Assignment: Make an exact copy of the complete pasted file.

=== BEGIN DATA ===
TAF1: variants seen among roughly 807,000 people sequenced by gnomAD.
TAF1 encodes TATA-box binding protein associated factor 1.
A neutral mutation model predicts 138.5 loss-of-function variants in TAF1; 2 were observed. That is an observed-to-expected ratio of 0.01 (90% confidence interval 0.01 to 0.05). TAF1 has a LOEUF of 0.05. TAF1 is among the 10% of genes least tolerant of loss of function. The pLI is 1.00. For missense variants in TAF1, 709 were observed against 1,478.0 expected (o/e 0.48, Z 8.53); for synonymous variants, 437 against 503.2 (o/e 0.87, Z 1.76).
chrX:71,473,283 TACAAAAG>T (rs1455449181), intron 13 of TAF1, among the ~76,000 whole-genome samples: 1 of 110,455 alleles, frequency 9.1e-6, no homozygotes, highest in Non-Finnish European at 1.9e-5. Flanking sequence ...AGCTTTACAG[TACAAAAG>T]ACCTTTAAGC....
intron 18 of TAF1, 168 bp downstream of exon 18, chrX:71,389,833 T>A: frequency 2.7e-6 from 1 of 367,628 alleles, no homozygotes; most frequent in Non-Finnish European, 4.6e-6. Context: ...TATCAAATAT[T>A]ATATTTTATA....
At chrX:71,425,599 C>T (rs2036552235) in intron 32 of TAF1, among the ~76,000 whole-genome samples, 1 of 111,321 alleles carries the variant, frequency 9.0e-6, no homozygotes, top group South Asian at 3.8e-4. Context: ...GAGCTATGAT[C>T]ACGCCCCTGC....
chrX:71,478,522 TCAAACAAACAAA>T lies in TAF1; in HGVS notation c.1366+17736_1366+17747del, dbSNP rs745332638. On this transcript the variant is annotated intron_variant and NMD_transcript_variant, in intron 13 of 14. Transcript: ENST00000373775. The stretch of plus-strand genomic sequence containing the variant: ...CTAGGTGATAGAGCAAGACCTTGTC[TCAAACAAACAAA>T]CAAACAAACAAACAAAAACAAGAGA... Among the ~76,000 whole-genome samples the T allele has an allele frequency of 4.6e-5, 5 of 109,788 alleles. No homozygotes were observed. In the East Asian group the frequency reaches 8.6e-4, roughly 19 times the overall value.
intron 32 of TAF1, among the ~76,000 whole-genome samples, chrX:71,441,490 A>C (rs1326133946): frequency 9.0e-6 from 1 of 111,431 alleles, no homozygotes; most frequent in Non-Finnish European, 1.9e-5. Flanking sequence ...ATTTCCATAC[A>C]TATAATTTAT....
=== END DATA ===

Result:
TAF1: variants seen among roughly 807,000 people sequenced by gnomAD.
TAF1 encodes TATA-box binding protein associated factor 1.
A neutral mutation model predicts 138.5 loss-of-function variants in TAF1; 2 were observed. That is an observed-to-expected ratio of 0.01 (90% confidence interval 0.01 to 0.05). TAF1 has a LOEUF of 0.05. TAF1 is among the 10% of genes least tolerant of loss of function. The pLI is 1.00. For missense variants in TAF1, 709 were observed against 1,478.0 expected (o/e 0.48, Z 8.53); for synonymous variants, 437 against 503.2 (o/e 0.87, Z 1.76).
chrX:71,473,283 TACAAAAG>T (rs1455449181), intron 13 of TAF1, among the ~76,000 whole-genome samples: 1 of 110,455 alleles, frequency 9.1e-6, no homozygotes, highest in Non-Finnish European at 1.9e-5. Flanking sequence ...AGCTTTACAG[TACAAAAG>T]ACCTTTAAGC....
intron 18 of TAF1, 168 bp downstream of exon 18, chrX:71,389,833 T>A: frequency 2.7e-6 from 1 of 367,628 alleles, no homozygotes; most frequent in Non-Finnish European, 4.6e-6. Context: ...TATCAAATAT[T>A]ATATTTTATA....
At chrX:71,425,599 C>T (rs2036552235) in intron 32 of TAF1, among the ~76,000 whole-genome samples, 1 of 111,321 alleles carries the variant, frequency 9.0e-6, no homozygotes, top group South Asian at 3.8e-4. Context: ...GAGCTATGAT[C>T]ACGCCCCTGC....
chrX:71,478,522 TCAAACAAACAAA>T lies in TAF1; in HGVS notation c.1366+17736_1366+17747del, dbSNP rs745332638. On this transcript the variant is annotated intron_variant and NMD_transcript_variant, in intron 13 of 14. Transcript: ENST00000373775. The stretch of plus-strand genomic sequence containing the variant: ...CTAGGTGATAGAGCAAGACCTTGTC[TCAAACAAACAAA>T]CAAACAAACAAACAAAAACAAGAGA... Among the ~76,000 whole-genome samples the T allele has an allele frequency of 4.6e-5, 5 of 109,788 alleles. No homozygotes were observed. In the East Asian group the frequency reaches 8.6e-4, roughly 19 times the overall value.
intron 32 of TAF1, among the ~76,000 whole-genome samples, chrX:71,441,490 A>C (rs1326133946): frequency 9.0e-6 from 1 of 111,431 alleles, no homozygotes; most frequent in Non-Finnish European, 1.9e-5. Flanking sequence ...ATTTCCATAC[A>C]TATAATTTAT....